Interview question:

Given array A which contains only odd numbers and array B which contains only even numbers, explain which sort algorithm would you choose.

I said merge sort. I thought that given two lists both of which are sorted (which I assumed) I can just merge them i.e use the merge part of merge sort. I was then asked if the numbers were not even or odd would I have chosen merge sort still? Then I was asked if both arrays were not sorted i.e. A contain even numbers (not sorted) and B contain odd numbers (not sorted) which algorithm will I use. I said in practice quicksort typically performs better. I wanted to ask if the length of the arrays is not too big because then bucket sort might do but given his insistence on odd and even integer arrays I did not go for bucket sort (I was afraid I was mentioning all the algorithms). Does anyone know which algorithm might the interviewer be looking for?


1 Answer 1


I believe the goal of this question was to get you to say that the information about even or odd can't lead to any significant speedup in runtime.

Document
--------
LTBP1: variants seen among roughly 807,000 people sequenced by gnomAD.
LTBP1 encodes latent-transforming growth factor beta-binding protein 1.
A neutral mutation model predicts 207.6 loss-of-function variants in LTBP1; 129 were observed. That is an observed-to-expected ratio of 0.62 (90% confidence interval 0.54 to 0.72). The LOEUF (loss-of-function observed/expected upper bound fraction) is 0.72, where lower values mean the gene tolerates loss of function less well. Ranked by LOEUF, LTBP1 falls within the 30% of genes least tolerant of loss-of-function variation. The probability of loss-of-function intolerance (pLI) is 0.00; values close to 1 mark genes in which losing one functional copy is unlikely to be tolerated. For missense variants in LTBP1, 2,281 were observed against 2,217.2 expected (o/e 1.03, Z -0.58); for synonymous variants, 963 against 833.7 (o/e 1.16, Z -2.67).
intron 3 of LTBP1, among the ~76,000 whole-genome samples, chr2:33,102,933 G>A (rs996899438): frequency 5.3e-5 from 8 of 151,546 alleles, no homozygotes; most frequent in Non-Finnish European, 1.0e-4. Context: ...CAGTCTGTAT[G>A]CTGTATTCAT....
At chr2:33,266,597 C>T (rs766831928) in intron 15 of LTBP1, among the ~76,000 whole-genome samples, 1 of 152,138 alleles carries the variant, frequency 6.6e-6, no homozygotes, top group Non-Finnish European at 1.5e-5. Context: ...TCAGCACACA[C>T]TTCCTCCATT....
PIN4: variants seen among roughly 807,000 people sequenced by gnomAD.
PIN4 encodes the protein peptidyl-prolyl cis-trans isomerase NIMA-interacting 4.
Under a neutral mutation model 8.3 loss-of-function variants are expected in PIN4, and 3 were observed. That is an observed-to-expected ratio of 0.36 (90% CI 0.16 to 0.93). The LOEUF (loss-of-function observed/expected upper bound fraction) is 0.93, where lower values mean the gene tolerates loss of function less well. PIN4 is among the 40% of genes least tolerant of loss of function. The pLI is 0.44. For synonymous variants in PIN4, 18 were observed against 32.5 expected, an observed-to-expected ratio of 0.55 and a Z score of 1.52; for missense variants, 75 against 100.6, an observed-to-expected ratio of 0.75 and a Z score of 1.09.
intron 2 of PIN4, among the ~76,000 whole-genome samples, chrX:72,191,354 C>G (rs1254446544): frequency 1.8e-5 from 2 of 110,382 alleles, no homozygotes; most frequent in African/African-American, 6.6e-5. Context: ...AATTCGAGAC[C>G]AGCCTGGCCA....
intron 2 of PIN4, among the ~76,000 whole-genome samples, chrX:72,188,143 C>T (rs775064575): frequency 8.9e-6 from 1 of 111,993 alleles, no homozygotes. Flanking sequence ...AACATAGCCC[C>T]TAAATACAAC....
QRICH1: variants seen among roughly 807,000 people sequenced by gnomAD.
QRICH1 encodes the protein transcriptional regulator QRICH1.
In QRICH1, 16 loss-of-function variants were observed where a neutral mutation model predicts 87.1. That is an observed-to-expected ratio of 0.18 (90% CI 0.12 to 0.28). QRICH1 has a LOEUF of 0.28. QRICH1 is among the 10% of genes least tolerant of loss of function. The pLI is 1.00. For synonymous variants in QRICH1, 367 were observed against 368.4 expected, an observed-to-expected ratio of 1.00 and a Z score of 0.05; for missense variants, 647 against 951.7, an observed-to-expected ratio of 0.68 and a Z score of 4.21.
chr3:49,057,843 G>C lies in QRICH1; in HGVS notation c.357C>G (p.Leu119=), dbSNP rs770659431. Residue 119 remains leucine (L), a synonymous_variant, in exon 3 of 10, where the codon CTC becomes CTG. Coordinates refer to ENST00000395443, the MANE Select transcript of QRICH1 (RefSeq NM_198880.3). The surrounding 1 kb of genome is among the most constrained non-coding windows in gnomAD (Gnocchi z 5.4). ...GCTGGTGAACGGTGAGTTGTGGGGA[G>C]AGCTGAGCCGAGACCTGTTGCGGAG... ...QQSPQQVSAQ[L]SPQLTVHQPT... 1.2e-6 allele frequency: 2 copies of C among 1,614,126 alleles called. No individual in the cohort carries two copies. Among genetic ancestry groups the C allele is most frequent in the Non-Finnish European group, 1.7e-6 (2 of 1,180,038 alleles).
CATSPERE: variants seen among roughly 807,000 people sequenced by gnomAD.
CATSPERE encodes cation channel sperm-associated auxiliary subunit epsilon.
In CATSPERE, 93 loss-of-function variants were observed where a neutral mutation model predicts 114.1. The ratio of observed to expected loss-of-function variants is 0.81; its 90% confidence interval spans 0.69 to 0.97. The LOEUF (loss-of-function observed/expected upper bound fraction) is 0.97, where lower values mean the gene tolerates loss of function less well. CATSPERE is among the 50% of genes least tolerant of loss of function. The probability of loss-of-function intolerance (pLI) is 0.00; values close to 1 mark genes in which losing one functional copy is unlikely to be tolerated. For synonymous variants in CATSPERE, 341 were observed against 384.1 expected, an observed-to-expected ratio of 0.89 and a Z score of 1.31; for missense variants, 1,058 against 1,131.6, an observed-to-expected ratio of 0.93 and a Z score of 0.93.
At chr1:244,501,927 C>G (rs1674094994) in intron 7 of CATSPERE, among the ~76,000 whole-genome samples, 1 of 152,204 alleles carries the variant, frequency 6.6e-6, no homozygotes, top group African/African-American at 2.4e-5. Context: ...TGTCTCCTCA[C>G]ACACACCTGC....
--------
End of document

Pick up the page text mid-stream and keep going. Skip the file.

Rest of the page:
Suppose you have an algorithm which works very fast in that case. Then, given any array of integers, you can split it up into an array of even integers and an other of odd integers in linear time. You can then run your super fast algorithm on these arrays to sort your original array super fast as well. Thus, a faster algorithm for this case would lead to a faster algorithm in the general case. So you can safely choose to use whatever sorting algorithm is fastest in the general case (asymptotycally $O(n\log n)$).

  • 1
    $\begingroup$ Well, there is Quick Radix Sort where an odd/even split gives a whopping 1-bit head-start. $\endgroup$
    – greybeard
    Commented Dec 6, 2019 at 19:07

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